Interesting pacing.  As the book blurb indicates, a significant focus of this book is the Element Games, a magical equivalent of our Olympics.  Yet, they do not provide much dramatic tension.  They are generally non lethal, and the outcome of winning is little more than achieving bragging rights.  In fact, until about 85% of the way through the book very little actually happens.   Towards the end, it was very clear that this story would not be self contained in the way that the first one was, and that I would have to prepare for a cliffhanger.  The wonderful thing, however, is that I really didn’t care.  I was having too much fun following these two crazy kids and their mixed signals romance and the magical world in which it takes place.  The last few chapters of the book really speed things up though and I can’t wait for the next book.

What I didn’t like

Lack of variety in the Element Games.  Each level of the competition follows the same format. I would have welcomed some changes in structure for the subsequent bouts.  Also I did have to suspend my disbelief at certain participants.  Did Stasion really think he could compete at Olympic level with his limited experience of magic?

Despite those minor gripes, I adored A Gathering of Shadows and it gets a well-deserved five stars out of five from me. 

five-stars

A Gathering of Shadows by V.E. Schwab – Review (minor spoilers) was originally published on Canadian eReader

Glass Sword by Victoria Aveyard is the second in the Red Queen series and continues the story of Mare Barrow and her struggle to end the oppression of the non superpowered Reds by the Silvers.  

When we left Mare at the end of Red Queen she was not in a good place, both in a practical sense and emotionally.  She feels betrayed by those she cared about and many of her allies are lost or alienated.  Nevertheless, she focusses herself on the goal of rescuing those who, like Mare, are of Red heritage but display Silver abilities.  

Although that is the goal of the book, the focus is far more on Mare’s psychological distress as she attempts to come to terms with what she has experienced as well as what is expected of her.  The title is clearly a metaphor for Mare; she is a weapon, but is very fragile and could easily be shattered.  In this respect, Glass Sword is faintly reminiscent of Catching Fire or Mockingjay which also deals with the protagonist’s PTSD.

What I liked

Vulnerable protagonist.  I enjoyed that the main character is struggling to deal emotionally with the situation in which she finds herself – it feels more realistic and relatable that young teens who seem to breeze through their crises.  Mare’s psychological trauma was well written and was a natural and logical progression of her circumstances.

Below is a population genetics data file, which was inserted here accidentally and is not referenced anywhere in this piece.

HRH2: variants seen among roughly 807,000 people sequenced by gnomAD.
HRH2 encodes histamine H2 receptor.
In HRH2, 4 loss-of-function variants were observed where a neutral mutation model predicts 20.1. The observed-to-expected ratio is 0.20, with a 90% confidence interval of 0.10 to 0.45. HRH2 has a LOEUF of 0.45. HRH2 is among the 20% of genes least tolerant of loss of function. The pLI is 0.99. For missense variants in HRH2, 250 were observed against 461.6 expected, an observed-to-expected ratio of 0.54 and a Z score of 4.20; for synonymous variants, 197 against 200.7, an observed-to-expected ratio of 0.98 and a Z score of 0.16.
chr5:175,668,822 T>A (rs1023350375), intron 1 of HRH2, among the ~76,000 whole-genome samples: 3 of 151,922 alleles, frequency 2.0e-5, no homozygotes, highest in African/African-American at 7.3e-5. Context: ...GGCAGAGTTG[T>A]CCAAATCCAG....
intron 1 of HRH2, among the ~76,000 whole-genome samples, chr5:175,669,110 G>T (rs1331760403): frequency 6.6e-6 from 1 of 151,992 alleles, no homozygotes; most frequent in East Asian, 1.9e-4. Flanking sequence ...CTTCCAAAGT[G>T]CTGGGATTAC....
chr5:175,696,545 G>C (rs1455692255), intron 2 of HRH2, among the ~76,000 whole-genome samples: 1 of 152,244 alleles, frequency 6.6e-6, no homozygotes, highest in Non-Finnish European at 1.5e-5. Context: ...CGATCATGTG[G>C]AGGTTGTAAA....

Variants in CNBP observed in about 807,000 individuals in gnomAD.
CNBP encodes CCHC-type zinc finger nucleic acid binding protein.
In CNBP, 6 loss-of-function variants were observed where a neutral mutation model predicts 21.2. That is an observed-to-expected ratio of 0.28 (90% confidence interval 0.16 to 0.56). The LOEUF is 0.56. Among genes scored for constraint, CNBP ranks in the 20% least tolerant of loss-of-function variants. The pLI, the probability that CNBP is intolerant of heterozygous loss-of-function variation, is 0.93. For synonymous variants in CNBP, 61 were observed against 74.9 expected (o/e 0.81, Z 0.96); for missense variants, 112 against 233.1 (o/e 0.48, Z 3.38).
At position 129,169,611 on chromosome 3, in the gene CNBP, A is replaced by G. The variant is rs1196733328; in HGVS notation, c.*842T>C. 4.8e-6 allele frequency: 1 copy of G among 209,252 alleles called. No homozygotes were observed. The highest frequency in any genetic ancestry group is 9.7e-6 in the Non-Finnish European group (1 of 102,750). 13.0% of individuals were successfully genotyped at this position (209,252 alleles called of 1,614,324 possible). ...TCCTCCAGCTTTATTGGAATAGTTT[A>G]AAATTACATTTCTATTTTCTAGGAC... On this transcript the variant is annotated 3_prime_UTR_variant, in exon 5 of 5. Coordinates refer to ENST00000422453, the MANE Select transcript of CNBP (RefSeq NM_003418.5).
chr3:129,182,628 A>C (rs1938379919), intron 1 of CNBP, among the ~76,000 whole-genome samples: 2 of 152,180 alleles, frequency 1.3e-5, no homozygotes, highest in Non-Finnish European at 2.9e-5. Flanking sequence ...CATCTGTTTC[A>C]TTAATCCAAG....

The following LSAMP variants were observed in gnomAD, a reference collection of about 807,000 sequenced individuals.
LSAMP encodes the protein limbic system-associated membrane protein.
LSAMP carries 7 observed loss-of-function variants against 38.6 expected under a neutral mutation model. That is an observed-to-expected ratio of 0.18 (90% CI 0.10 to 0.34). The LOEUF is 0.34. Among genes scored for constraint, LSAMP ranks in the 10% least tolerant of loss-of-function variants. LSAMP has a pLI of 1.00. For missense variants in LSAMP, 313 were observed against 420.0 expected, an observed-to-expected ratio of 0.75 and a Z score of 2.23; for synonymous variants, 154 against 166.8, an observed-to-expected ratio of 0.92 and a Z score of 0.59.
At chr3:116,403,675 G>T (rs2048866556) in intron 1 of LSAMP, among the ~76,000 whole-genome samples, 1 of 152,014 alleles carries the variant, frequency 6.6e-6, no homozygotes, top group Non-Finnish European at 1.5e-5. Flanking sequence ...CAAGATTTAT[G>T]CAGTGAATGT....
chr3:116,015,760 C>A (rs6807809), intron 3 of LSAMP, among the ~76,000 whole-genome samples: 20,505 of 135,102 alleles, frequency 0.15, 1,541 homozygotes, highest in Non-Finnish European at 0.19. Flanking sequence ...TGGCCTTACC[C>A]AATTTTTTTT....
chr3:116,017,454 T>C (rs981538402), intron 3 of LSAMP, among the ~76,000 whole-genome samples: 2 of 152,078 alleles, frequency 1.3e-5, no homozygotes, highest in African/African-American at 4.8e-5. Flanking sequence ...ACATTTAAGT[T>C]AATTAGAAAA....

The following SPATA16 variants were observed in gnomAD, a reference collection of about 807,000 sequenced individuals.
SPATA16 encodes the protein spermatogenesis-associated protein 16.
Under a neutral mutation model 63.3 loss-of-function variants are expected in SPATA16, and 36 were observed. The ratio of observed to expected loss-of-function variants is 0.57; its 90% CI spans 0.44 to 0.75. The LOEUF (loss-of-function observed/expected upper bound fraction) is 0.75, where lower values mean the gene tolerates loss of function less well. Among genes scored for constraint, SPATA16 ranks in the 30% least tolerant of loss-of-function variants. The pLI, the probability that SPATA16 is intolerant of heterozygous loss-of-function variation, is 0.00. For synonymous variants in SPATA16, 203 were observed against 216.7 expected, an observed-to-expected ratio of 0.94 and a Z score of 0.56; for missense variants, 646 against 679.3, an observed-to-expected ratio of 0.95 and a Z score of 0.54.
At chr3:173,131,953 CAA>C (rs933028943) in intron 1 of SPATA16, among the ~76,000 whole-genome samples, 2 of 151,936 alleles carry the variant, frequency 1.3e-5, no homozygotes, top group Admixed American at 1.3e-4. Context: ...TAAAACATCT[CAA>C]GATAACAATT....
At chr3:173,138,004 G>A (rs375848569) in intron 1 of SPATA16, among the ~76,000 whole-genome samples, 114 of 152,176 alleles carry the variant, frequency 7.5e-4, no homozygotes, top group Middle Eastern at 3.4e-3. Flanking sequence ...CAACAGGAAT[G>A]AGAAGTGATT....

Some interesting plot developments.  There were a few plot developments in the novel which were unexpected and reengaged my attention at times when it was flagging.  

Strong premise.  I really enjoyed the main premise and worldbuilding in Aveyard’s world.  The Red/Silver conflict and the addition of the newbloods made for gripping reading.

What I didn’t like

Bland characters.  Yes, I know I said that Mare’s vulnerability made her more interesting, but despite that, the characters in Glass Sword are still rather bland, typical YA heroes/heroines.  Perhaps I am being unfair here; I have just started A Gathering of Shadows by Victoria Schwab and within a few paragraphs, Lila Bard had already leapt out of the page and had me completely engaged in her story in a way that Mare never did. 

New characters not fully developed.  Some interesting new characters were introduced in Glass Sword such as Nanny, Cameron and Nix, but none of them were given enough page space to be developed fully.  That is perhaps due to the first person point of view and Mare’s own emotional struggles, but I would have liked to have seen it handled better.

Despite these issues, I did enjoy Glass Sword and gave it three and a half stars out of five.  I will probably read the final book whenever it comes out.

three-half-stars

Glass Sword by Victoria Aveyard – Review was originally published on Canadian eReader

Passenger by Alexandra Bracken is a young adult fantasy novel, the first in a duology, marketed as a treasure hunt through time.  It focusses on the characters of Etta, a young 21st century woman and Nicholas, a black man from the 1700s, both of whom have the genetic ability to travel through passages in time and space.  They embark on a journey through time to locate the astrolabe, the series McGuffin, in order to prevent its falling into the hands of the Ironwoods giving them power to change history.

What I liked

The time travel system.  I really enjoyed this aspect of the book.  It was very well thought out and the rules and limitations were well explained.  Often in fantasy it’s the limitations on magical powers that make them most interesting and generate the most interesting stories.  At the risk of spoiling the novel I won’t say too much more, but this aspect was very well done.